Tuesday, November 23, 2010
Just yesterday, a fourteen year old Sutherland boy was killed on his way in to school when the pickup he was driving rolled over on icy roads. He was not wearing his seat belt and he was ejected from the vehicle.
Saturday morning, a friend of mine hit a sheet of black ice while he was driving and rolled his pickup. He was wearing his seat belt. When the pickup came to a stop, he calmly used the butt of his shotgun to break the window and climb out of the wrecked vehicle. He was shaken up but unhurt, and what could have been a tragedy is now a humorous story to tell.
Children, and all people. The seat belts are in your vehicles are there for a reason. It is a scientifically proven fact that in the event of an accident, using your seat belt will save your life. It is cool to wear seat belts. PLEASE WEAR THEM!
I can't even begin to imagine what a family goes through in the hours, days and years following the senseless death of a child. In all likelihood, both of the tragedies I described above could have been prevented if the children had buckled up the instant they got in their vehicles on those mornings. Please, don't let the next family to experience this heartache be yours.
Thanks for stopping by. The coffee is always on.
Tuesday, November 16, 2010
I'll like it even more if you choose a route that has to come through North Platte!
Oh, and just in case you don't see it at the top of the blog, here it is again:
Go ahead... click it and vote!
Thanks for stopping by. The coffee is always on.
Wednesday, November 10, 2010
In fact, I believe that there are so many things to see in America, that it's almost unpatriotic to stay home and not go see it! Utilizing networks like Couch Surfing, it doesn't necessarily have to be incredibly expensive. We got off of the Interstate onto Highway 5, which is the Seaway Trail National Scenic Byway which stretches along the southern shore of both Lake Erie and Lake Ontario. This part of the country is also home to the Chatauqua-Lake Erie Wine Trail.
The wine trail stretches 45 miles through 30,000 acres of verdant vineyards along Lake Erie in western New York and Pennsylvania. Welcome to "America's Grape Country," the largest grape-growing region east of the Rockies. Visit more than 20 wineries known for their award-winning wines, including vinifera, ice wines, fruit wines, and specialty wines such as brandies and ports. Our wineries are open year-round. Plan your trip and experience the rich heritage of one of America's oldest grape growing regions.We only made the time to stop at one winery, the Willow Creek Winery. Honestly, we have got to come back this way just to hit the entire wine trail and stop at EVERY winery! The tasting was incredible, and we picked up nine bottles to take with us! We had been under orders from the Moms to pick up Willow Creek's chocolate wine, and, if you like sweeter wines, you'll love it. It tastes like a cherry cordial.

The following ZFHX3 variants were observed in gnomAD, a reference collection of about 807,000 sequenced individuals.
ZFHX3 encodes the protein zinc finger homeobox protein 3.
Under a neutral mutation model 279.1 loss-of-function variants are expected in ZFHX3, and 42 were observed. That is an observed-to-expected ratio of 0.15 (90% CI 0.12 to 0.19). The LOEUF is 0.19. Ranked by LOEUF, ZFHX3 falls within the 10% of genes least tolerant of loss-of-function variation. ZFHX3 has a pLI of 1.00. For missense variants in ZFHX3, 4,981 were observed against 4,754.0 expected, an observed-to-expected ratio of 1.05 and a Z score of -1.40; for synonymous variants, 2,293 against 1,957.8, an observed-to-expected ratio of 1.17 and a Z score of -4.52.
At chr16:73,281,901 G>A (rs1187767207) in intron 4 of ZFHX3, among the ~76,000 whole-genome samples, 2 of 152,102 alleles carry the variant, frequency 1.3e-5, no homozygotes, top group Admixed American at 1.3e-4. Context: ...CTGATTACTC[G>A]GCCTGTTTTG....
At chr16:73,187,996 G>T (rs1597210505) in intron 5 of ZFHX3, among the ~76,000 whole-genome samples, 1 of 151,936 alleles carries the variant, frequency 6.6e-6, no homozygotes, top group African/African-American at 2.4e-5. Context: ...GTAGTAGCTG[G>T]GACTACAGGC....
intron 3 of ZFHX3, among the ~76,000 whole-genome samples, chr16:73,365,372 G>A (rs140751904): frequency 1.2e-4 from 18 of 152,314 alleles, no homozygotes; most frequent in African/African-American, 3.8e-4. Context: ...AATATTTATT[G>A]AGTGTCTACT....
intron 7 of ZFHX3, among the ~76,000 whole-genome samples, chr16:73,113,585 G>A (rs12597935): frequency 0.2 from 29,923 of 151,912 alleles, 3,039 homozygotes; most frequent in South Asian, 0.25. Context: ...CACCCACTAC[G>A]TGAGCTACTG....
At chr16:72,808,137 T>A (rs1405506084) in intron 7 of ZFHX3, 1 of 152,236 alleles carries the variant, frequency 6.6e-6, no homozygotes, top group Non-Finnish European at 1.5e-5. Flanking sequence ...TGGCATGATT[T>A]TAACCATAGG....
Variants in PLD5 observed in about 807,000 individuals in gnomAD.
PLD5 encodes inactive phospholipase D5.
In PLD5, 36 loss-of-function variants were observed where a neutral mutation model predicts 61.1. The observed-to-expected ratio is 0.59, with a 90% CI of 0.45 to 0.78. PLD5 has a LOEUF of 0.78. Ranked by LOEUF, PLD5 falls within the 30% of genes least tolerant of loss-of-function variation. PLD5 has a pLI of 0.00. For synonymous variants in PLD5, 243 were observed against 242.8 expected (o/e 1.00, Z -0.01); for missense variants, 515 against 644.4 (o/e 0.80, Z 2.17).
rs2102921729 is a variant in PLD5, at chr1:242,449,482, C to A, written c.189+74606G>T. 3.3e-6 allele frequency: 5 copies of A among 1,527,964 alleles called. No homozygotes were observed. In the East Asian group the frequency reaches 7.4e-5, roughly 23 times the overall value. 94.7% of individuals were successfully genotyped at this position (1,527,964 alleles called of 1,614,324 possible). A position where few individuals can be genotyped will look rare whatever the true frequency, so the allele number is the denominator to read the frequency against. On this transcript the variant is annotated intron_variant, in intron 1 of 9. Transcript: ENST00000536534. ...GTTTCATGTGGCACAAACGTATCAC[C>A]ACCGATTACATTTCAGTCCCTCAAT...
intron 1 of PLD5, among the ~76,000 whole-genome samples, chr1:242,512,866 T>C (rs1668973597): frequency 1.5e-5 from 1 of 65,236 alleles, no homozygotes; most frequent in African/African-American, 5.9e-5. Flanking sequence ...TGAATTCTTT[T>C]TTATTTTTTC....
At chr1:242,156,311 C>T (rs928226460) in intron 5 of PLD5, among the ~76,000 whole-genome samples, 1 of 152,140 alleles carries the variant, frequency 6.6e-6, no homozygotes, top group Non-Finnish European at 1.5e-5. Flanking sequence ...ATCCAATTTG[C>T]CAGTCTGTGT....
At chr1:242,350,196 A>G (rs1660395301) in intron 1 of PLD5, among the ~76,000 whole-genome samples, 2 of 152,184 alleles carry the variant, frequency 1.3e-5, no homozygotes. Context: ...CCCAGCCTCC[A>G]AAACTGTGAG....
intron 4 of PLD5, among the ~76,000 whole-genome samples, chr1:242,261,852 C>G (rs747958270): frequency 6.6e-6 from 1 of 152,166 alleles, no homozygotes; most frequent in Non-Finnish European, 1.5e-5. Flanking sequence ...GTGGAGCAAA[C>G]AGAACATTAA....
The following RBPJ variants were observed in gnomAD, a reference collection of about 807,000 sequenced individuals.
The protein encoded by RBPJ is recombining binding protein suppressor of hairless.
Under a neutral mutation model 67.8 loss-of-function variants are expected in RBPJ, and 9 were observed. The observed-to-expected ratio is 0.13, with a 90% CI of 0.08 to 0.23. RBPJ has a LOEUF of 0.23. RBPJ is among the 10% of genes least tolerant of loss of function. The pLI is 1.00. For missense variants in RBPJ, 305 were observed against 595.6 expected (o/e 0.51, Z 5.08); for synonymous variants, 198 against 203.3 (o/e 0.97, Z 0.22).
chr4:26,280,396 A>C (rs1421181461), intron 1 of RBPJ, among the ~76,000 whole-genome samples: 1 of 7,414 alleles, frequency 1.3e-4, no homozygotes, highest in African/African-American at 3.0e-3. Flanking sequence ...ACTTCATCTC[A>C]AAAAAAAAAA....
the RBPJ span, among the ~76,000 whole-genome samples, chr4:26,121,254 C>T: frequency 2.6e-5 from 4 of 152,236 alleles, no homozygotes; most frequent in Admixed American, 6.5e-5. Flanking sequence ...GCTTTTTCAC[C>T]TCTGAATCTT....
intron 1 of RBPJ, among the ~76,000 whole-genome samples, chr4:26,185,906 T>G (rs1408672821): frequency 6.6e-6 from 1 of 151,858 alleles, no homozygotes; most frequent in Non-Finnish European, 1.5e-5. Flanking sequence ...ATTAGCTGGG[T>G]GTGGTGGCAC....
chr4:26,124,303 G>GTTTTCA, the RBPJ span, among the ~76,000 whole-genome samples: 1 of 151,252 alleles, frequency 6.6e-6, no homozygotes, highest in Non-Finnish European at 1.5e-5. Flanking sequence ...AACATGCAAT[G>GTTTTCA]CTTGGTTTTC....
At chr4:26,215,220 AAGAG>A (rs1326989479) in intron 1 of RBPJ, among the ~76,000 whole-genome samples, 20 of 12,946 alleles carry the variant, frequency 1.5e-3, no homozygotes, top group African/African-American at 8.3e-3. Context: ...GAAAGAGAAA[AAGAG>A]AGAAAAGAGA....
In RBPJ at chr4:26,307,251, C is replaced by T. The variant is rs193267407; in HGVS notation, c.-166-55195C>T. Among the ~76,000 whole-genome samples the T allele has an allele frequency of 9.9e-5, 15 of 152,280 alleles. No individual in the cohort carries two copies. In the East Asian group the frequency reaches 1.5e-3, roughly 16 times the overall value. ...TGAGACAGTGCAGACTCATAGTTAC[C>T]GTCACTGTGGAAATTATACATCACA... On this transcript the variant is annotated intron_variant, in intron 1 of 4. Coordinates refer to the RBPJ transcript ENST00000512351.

Now it was time to head on down the road to Buffalo. Here is a view of the Buffalo skyline.
By this time we were getting hungry, and needed something to soak up the wine tasting. We had asked for a recommendation, and the young lady at Willow Creek recommended the Pearl Street Grill and Brewery in Buffalo. What a great recommendation! Great beer and great food. Unfortunately, they don't bottle, so the only way to take it with us would have been in a growler, and that would have been impractical for us.
The building has four floors, plus a basement, and numerous decks overlooking the Buffalo water front. According to the menu:
Our building was born in the year of Our Lord 1841 in the heart of what the world unaffectionately called "The most evil square mile in America", the Buffalo Erie Canal District. It is no "sretching the blanket", during its heyday it was estimated that 70 to 80% of the major crimes of the entire nation occured along the "Canawl".
Out of the maelstrom of the teeming masses of Foofoos, Lakers, Canawlers Blacklegs, Macaronis, Whitelegsm Scalpers, Scoopers, Roughnecks and Runners our nation was reborn. The Babel-like confusion of Canal Street and the Commercial Slip was the Western terminus of the new America on the march, the brave new world, the H9ope of the unanointed and the downtrodden. The result of this amazing period of Buffalo's history was that we were the "Silicon Valley" of America for over 50 years.